Jon Thiele
International Development

Getting results

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Small holder farmers

In Ukraine

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Credit in economic development

Economic institutions







Economic institutions are the formal legal rules and the informal social norms that govern individual behavior in a society.

They are the laws and regulations and the customs and traditions-- things like trust, the role of women, level of cooperation, views of property, how the courts work, corruption, and so on-- and how these "rules of the game" are enforced.

We all act within systems of these institutions, and understanding this can be useful in analyzing and understanding the problems of developing countries where modernization of economic institutions is usually a prerequisite for broad and lasting economic development. Institutions which are not conducive to growth lead to high "transaction costs", and Ronald Coase in 1991 and Douglass North in 1993 were awarded Nobel prizes related to this branch of economics.

In applying this to development work, North wrote that "institutions form the incentive structure of a society and so the political and economic institutions are the underlying determinant of economic performance. Time, as it relates to economic and societal change, is the dimension in which the learning process of human beings shapes the way institutions evolve. That is, the beliefs held by individuals, groups, and societies determine their choices, and these beliefs are a consequence of learning through time-- not just the span of an individual's life or of a generation but the learning embodied in individuals, groups, and societies that is cumulative through time and passed on intergenerationally by the culture of a society."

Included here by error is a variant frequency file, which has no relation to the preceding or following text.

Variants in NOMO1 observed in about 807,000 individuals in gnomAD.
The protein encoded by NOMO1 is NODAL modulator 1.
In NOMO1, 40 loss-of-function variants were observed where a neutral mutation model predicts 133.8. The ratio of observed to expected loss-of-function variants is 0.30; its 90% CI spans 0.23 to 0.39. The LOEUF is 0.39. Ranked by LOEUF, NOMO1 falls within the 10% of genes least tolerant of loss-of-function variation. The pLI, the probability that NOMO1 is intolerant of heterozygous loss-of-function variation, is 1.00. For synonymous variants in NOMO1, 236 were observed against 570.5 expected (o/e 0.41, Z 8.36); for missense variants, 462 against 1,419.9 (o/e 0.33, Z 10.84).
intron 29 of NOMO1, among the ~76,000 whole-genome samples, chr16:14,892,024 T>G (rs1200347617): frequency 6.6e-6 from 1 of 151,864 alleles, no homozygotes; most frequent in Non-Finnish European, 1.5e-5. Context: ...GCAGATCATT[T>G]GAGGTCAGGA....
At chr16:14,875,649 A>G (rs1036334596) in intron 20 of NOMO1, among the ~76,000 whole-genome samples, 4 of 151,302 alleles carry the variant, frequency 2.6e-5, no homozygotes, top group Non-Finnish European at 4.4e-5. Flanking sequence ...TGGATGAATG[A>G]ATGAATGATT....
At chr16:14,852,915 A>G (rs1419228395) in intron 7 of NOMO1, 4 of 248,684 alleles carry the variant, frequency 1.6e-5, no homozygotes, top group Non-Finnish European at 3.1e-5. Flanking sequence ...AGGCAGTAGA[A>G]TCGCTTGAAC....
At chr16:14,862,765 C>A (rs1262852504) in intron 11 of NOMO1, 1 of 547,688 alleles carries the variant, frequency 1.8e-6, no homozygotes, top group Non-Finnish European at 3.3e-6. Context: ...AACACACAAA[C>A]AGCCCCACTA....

Something happened about 300 years ago.

This chart shows per capita GDP for the world since the stone age. Using proxies such as those often used to determine the incomes of very poor people today, it is revealed that average per capita incomes across the centuries were virtually constant from the stone age through 1770.

There were variations, of course-- seats of empire were wealthier than the hinterlands-- but overall, across the planet at any given time, per capita incomes were pretty much flat at less than $200 for several thousand years.